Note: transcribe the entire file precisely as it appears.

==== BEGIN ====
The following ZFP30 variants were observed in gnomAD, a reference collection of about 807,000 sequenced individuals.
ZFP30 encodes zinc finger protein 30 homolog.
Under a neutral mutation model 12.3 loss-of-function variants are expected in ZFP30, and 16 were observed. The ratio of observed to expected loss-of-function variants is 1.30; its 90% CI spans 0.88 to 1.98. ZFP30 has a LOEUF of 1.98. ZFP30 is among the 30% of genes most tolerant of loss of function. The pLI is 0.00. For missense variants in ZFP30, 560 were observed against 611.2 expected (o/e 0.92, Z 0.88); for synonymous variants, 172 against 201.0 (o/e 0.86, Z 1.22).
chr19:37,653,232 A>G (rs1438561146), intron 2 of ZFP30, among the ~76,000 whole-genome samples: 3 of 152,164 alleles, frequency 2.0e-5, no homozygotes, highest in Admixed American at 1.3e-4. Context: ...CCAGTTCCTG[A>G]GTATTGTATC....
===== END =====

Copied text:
The following ZFP30 variants were observed in gnomAD, a reference collection of about 807,000 sequenced individuals.
ZFP30 encodes zinc finger protein 30 homolog.
Under a neutral mutation model 12.3 loss-of-function variants are expected in ZFP30, and 16 were observed. The ratio of observed to expected loss-of-function variants is 1.30; its 90% CI spans 0.88 to 1.98. ZFP30 has a LOEUF of 1.98. ZFP30 is among the 30% of genes most tolerant of loss of function. The pLI is 0.00. For missense variants in ZFP30, 560 were observed against 611.2 expected (o/e 0.92, Z 0.88); for synonymous variants, 172 against 201.0 (o/e 0.86, Z 1.22).
chr19:37,653,232 A>G (rs1438561146), intron 2 of ZFP30, among the ~76,000 whole-genome samples: 3 of 152,164 alleles, frequency 2.0e-5, no homozygotes, highest in Admixed American at 1.3e-4. Context: ...CCAGTTCCTG[A>G]GTATTGTATC....